Mechanical and electrochemical properties of an IPMC actuator with palladium electrodes in acid and alkaline solutions

Wataru Aoyagi, Masaki Omiya

Research output: Contribution to journalArticle

6 Citations (Scopus)

Abstract

An ionic polymer-metal composite (IPMC) actuator, which consists of a thin perfluorinated ionomer membrane and electrodes plated on both surfaces, undergoes a large bending motion when a low electric field is applied across its thickness. IPMC actuators are lightweight and soft and can operate in solutions. They are thus promising for a wide range of applications including MEMS sensors, artificial muscles, biomimetic systems, and medical devices. The deformation behavior of IPMC actuators depends on the pH of the working solution. However, their basic mechanism is not well understood. Therefore, this study investigates the deformation mechanism of an IPMC actuator with palladium electrodes in various pH solutions. The tip displacements of IPMC actuators were measured under a step voltage in various pH solutions. Cyclic voltammetry (CV) and alternating-current (AC) impedance measurements were then performed to investigate the effects of pH on the electrochemical properties of IPMC actuators. The responses to a step voltage indicate that the deformation behavior of an IPMC actuator depends on the pH: a lower pH gives a larger maximum tip displacement and more pronounced relaxation. In CV measurements, a lower pH results in more active reduction on the palladium electrode. In AC impedance measurements, a lower pH leads to a greater charge transfer resistance and a smaller double layer capacitance in an acid solution. Based on these mechanical and electrochemical measurements, we conclude that the maximum tip displacement and relaxation are governed by reduction on the palladium electrode and that the residual tip displacement is related to the charge transfer resistance and the double layer capacitance. These results are helpful for the use and control of IPMC actuators.

Original languageEnglish
Article number055028
JournalSmart Materials and Structures
Volume22
Issue number5
DOIs
Publication statusPublished - 2013 May

Fingerprint

Palladium
Electrochemical properties
palladium
Polymers
Actuators
actuators
Metals
mechanical properties
Mechanical properties
Electrodes
acids
Acids
composite materials
electrodes
Composite materials
polymers
metals
impedance measurement
Cyclic voltammetry
Charge transfer

ASJC Scopus subject areas

  • Signal Processing
  • Electrical and Electronic Engineering
  • Atomic and Molecular Physics, and Optics
  • Civil and Structural Engineering
  • Condensed Matter Physics
  • Mechanics of Materials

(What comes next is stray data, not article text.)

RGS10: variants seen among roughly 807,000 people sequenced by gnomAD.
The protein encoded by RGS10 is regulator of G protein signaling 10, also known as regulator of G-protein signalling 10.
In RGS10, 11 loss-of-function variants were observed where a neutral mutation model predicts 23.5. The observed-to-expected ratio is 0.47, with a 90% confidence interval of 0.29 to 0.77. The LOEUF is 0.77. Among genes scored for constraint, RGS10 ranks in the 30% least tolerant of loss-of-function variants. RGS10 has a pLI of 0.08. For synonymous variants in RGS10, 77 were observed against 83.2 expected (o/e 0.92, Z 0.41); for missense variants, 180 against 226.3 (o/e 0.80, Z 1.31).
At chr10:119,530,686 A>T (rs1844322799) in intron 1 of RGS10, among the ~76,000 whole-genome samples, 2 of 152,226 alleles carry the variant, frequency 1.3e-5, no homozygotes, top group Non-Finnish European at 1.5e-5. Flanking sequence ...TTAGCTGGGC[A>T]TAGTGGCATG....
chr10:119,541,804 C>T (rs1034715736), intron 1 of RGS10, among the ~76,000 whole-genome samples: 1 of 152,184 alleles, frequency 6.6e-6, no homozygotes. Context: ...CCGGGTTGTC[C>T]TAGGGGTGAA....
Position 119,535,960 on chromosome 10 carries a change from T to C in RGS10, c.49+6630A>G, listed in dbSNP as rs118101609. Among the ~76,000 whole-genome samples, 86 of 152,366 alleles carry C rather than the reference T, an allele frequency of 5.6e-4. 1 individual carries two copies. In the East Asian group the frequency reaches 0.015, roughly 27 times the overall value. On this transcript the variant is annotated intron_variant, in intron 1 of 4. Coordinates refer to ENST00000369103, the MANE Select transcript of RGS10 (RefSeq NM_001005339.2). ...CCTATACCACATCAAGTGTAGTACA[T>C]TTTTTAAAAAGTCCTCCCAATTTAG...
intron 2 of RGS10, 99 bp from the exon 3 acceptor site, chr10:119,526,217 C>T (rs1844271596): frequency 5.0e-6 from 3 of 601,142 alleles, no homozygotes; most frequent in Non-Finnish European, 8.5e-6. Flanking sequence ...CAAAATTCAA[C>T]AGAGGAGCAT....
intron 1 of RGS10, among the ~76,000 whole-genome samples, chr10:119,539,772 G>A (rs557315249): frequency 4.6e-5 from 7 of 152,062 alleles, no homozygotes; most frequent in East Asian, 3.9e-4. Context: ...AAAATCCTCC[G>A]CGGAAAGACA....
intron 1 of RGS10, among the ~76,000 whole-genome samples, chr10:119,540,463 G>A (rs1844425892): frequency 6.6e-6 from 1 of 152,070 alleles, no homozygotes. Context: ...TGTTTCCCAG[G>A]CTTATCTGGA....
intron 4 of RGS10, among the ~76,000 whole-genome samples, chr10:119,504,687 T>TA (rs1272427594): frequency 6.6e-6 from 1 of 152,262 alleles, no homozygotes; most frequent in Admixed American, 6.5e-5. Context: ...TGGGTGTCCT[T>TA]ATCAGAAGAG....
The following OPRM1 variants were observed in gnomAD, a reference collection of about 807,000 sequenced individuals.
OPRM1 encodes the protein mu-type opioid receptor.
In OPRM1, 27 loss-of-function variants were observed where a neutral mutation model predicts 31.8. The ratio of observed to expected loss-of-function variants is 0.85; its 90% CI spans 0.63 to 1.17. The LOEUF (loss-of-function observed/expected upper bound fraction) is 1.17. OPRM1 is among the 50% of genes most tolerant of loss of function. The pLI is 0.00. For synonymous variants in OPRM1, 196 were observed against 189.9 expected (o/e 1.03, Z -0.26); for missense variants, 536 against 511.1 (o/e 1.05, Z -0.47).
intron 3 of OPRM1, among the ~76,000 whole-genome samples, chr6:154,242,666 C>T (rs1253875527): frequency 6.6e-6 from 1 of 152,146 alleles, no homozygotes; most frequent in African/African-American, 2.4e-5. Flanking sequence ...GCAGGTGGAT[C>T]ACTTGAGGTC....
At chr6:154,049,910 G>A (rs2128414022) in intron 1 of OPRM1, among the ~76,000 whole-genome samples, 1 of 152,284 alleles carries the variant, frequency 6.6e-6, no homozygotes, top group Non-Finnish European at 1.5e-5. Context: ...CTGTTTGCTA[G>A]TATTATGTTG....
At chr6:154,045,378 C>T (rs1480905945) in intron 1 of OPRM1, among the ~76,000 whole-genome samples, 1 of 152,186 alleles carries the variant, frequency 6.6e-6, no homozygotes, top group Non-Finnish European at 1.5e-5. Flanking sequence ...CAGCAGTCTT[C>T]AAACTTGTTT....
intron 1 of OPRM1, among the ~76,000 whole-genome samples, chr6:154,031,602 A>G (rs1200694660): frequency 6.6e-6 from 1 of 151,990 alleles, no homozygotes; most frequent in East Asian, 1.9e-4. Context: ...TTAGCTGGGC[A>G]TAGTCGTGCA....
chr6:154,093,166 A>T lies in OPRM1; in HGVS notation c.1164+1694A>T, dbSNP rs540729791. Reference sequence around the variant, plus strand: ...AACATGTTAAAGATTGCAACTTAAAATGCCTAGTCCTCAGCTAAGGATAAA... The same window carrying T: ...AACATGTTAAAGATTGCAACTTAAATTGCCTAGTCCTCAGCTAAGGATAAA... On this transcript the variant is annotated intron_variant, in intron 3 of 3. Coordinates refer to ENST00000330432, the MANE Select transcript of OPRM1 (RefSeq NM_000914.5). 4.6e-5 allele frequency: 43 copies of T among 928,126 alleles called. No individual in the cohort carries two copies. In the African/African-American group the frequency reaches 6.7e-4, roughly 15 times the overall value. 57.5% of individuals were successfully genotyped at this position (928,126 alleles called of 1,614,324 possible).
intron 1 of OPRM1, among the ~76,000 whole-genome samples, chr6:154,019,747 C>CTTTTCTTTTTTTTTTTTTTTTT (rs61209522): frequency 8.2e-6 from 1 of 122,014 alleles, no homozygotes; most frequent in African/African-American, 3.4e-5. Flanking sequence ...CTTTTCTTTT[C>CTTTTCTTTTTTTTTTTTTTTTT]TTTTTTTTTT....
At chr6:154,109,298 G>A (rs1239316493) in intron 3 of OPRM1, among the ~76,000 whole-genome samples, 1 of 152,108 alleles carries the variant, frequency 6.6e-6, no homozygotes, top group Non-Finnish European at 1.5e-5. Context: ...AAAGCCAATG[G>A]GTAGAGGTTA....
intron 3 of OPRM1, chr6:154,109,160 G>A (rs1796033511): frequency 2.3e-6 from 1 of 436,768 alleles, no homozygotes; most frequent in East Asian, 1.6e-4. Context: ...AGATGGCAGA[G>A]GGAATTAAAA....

• Materials Science(all)

Cite this

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abstract = "An ionic polymer-metal composite (IPMC) actuator, which consists of a thin perfluorinated ionomer membrane and electrodes plated on both surfaces, undergoes a large bending motion when a low electric field is applied across its thickness. IPMC actuators are lightweight and soft and can operate in solutions. They are thus promising for a wide range of applications including MEMS sensors, artificial muscles, biomimetic systems, and medical devices. The deformation behavior of IPMC actuators depends on the pH of the working solution. However, their basic mechanism is not well understood. Therefore, this study investigates the deformation mechanism of an IPMC actuator with palladium electrodes in various pH solutions. The tip displacements of IPMC actuators were measured under a step voltage in various pH solutions. Cyclic voltammetry (CV) and alternating-current (AC) impedance measurements were then performed to investigate the effects of pH on the electrochemical properties of IPMC actuators. The responses to a step voltage indicate that the deformation behavior of an IPMC actuator depends on the pH: a lower pH gives a larger maximum tip displacement and more pronounced relaxation. In CV measurements, a lower pH results in more active reduction on the palladium electrode. In AC impedance measurements, a lower pH leads to a greater charge transfer resistance and a smaller double layer capacitance in an acid solution. Based on these mechanical and electrochemical measurements, we conclude that the maximum tip displacement and relaxation are governed by reduction on the palladium electrode and that the residual tip displacement is related to the charge transfer resistance and the double layer capacitance. These results are helpful for the use and control of IPMC actuators.",
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